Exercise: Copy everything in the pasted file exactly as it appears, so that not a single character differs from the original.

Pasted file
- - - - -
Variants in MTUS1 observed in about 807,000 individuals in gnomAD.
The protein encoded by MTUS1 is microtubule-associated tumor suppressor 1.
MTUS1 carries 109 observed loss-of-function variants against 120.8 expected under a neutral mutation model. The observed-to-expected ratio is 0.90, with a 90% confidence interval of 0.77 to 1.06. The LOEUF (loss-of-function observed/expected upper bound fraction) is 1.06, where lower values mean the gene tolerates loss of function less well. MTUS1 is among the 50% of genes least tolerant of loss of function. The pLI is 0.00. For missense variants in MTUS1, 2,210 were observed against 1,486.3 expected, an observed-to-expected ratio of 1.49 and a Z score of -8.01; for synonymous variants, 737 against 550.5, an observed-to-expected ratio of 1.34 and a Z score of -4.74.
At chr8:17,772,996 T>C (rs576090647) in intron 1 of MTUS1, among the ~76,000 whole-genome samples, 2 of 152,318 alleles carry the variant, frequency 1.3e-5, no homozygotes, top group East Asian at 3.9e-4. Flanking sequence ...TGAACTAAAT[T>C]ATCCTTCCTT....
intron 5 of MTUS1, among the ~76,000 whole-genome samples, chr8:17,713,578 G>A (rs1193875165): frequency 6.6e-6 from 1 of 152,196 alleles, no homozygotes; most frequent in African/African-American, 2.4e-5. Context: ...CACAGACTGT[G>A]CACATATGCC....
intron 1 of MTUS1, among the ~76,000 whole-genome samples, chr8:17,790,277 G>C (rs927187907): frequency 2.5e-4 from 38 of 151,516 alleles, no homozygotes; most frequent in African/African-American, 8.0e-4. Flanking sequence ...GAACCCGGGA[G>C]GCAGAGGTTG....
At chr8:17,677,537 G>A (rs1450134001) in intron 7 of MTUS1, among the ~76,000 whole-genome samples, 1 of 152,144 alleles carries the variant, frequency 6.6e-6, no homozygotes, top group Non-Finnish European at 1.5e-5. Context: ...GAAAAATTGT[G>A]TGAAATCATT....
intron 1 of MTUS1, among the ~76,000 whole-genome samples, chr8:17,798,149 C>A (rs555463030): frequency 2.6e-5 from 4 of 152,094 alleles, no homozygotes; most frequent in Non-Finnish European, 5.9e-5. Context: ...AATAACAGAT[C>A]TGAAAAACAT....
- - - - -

Variants in MTUS1 observed in about 807,000 individuals in gnomAD.
The protein encoded by MTUS1 is microtubule-associated tumor suppressor 1.
MTUS1 carries 109 observed loss-of-function variants against 120.8 expected under a neutral mutation model. The observed-to-expected ratio is 0.90, with a 90% confidence interval of 0.77 to 1.06. The LOEUF (loss-of-function observed/expected upper bound fraction) is 1.06, where lower values mean the gene tolerates loss of function less well. MTUS1 is among the 50% of genes least tolerant of loss of function. The pLI is 0.00. For missense variants in MTUS1, 2,210 were observed against 1,486.3 expected, an observed-to-expected ratio of 1.49 and a Z score of -8.01; for synonymous variants, 737 against 550.5, an observed-to-expected ratio of 1.34 and a Z score of -4.74.
At chr8:17,772,996 T>C (rs576090647) in intron 1 of MTUS1, among the ~76,000 whole-genome samples, 2 of 152,318 alleles carry the variant, frequency 1.3e-5, no homozygotes, top group East Asian at 3.9e-4. Flanking sequence ...TGAACTAAAT[T>C]ATCCTTCCTT....
intron 5 of MTUS1, among the ~76,000 whole-genome samples, chr8:17,713,578 G>A (rs1193875165): frequency 6.6e-6 from 1 of 152,196 alleles, no homozygotes; most frequent in African/African-American, 2.4e-5. Context: ...CACAGACTGT[G>A]CACATATGCC....
intron 1 of MTUS1, among the ~76,000 whole-genome samples, chr8:17,790,277 G>C (rs927187907): frequency 2.5e-4 from 38 of 151,516 alleles, no homozygotes; most frequent in African/African-American, 8.0e-4. Flanking sequence ...GAACCCGGGA[G>C]GCAGAGGTTG....
At chr8:17,677,537 G>A (rs1450134001) in intron 7 of MTUS1, among the ~76,000 whole-genome samples, 1 of 152,144 alleles carries the variant, frequency 6.6e-6, no homozygotes, top group Non-Finnish European at 1.5e-5. Context: ...GAAAAATTGT[G>A]TGAAATCATT....
intron 1 of MTUS1, among the ~76,000 whole-genome samples, chr8:17,798,149 C>A (rs555463030): frequency 2.6e-5 from 4 of 152,094 alleles, no homozygotes; most frequent in Non-Finnish European, 5.9e-5. Context: ...AATAACAGAT[C>A]TGAAAAACAT....